The whistleblower, who tweets under the pseudonym Fuat Avni, claimed that a shocking 250-page report detailing bad loans given to pro-Erdoğan people and businesses by state lenders Halkbank, Vakıfbank and Ziraat Bank was sent to the Prime Ministry’s Inspection Board.
Avni said the scandal, if leaked to the media, could be enough to topple the government, prompting officials in the caretaker government of Prime Minister Ahmet Davutoğlu to cover up traces of the bad loans.
For example, in one incident $30 million was transferred to the Swiss bank account of pro-government businessman Mehmet Cengiz from a credit line extended to a firm by Ziraat Bank’s General Manager Hüseyin Aydın. Cengiz was implicated in a massive corruption scandal in December 2013.
Cengiz gained notoriety for his use of vulgar language in a leaked wiretapped telephone conversation last year. In the phone conversationvrecorded during the legal surveillance of a graft investigation, Cengiz is heard telling a friend, “We will f*** this nation.” He was allegedly referring to the purchase of the Turkuvaz Media Group. Cengiz has won 28 public tenders in the past 10 years with a combined value of almost TL 100 billion.
Avni said banking auditors found out how much money had been transferred to bank accounts in Dubai under payments drawn on state lenders. He said the money was in fact payoffs for bribery. All banking activity was documented with proof.
He said a TL 20 billion ($7.4 billion) loan that was funneled to pro-Erdoğan businesspeople by Aydın had become non-performing. Erdoğan’s son Bilal was extended TL 500 million ($184 million) in addition to favorable interest rates and deferrals on payments that differ from banks’ normal policies.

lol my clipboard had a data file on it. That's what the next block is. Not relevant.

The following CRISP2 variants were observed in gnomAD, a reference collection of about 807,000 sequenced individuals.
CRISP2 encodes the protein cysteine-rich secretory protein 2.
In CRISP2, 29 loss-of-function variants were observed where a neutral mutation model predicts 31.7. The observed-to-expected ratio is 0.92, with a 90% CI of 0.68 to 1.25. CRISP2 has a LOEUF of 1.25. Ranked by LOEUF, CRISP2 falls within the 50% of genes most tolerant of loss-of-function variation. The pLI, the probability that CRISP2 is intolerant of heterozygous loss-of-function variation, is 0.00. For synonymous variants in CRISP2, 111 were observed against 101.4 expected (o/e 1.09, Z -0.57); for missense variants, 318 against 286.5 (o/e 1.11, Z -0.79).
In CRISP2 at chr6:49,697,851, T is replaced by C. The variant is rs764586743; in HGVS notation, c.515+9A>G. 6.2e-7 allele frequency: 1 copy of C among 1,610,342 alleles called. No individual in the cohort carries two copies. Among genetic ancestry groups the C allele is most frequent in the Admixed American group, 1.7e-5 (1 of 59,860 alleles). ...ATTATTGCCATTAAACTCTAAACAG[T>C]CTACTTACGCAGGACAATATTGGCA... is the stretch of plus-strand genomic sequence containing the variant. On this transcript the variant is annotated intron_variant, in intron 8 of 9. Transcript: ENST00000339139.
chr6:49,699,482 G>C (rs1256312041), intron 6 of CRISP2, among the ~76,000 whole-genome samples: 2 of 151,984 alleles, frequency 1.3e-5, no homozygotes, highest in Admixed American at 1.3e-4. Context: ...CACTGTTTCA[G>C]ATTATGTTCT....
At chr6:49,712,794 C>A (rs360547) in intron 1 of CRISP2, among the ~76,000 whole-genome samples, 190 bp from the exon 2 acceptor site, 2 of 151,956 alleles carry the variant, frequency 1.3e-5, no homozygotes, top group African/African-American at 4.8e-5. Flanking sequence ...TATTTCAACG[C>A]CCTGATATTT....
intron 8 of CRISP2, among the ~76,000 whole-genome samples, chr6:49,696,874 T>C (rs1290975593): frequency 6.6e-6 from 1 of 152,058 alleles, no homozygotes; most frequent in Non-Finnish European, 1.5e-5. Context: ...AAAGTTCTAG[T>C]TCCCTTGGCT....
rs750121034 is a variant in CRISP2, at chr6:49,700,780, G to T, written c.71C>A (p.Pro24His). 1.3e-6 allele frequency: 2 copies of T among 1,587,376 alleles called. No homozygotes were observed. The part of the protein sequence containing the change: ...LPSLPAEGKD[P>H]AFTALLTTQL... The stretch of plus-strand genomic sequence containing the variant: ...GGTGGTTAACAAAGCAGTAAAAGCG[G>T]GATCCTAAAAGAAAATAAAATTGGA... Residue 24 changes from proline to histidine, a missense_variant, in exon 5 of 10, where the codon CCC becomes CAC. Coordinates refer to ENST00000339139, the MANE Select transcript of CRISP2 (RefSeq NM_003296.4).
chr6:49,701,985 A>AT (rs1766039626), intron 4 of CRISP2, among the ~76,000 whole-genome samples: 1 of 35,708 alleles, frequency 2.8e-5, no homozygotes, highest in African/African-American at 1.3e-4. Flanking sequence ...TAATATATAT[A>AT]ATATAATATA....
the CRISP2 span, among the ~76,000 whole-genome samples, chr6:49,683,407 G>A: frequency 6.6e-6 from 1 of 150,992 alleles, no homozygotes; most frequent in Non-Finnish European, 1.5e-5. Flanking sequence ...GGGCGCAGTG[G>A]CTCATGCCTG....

Avni speculated on whether Turkey’s Banking Regulation and Supervision Agency (BDDK) President Mehmet Ali Akben and Prime Ministry Inspection Board President Yunus Arıncı would be able to bury the report now that a new Parliament will be formed.
Akben was appointed president of the BDDK on May 15 on the promise of seizing long-targeted Bank Asya, Turkey’s largest Islamic lender, which was founded by sympathizers of Turkish Islamic scholar Fethullah Gülen. The illegal takeover of the bank two days before the election on June 7 drew strong criticism from opposition parties, economists and political analysts, who called the decision unlawful.
Avni said the appointment of Akben was also aimed at whitewashing bad loans provided to pro-Erdoğan people and firms. He claimed Akben was given valuable properties as a bribe in exchange for his services in clearing Erdoğan’s financial tracks.
In a further plot that followed the takeover of the bank by regulators, Avni said Akben appointed two controversial auditors named Necati Kocaman and Gökhan Elibolu to the bank, instructing them to draw up a falsified report showing that the bank was devoid of funds.
When Bank Asya was taken over, it had net assets of TL 1.7 billion. Its capital adequacy ratio was 18.3 percent, above the sector average.
Bank Asya shareholders have already filed lawsuits against the government’s arbitrary takeover.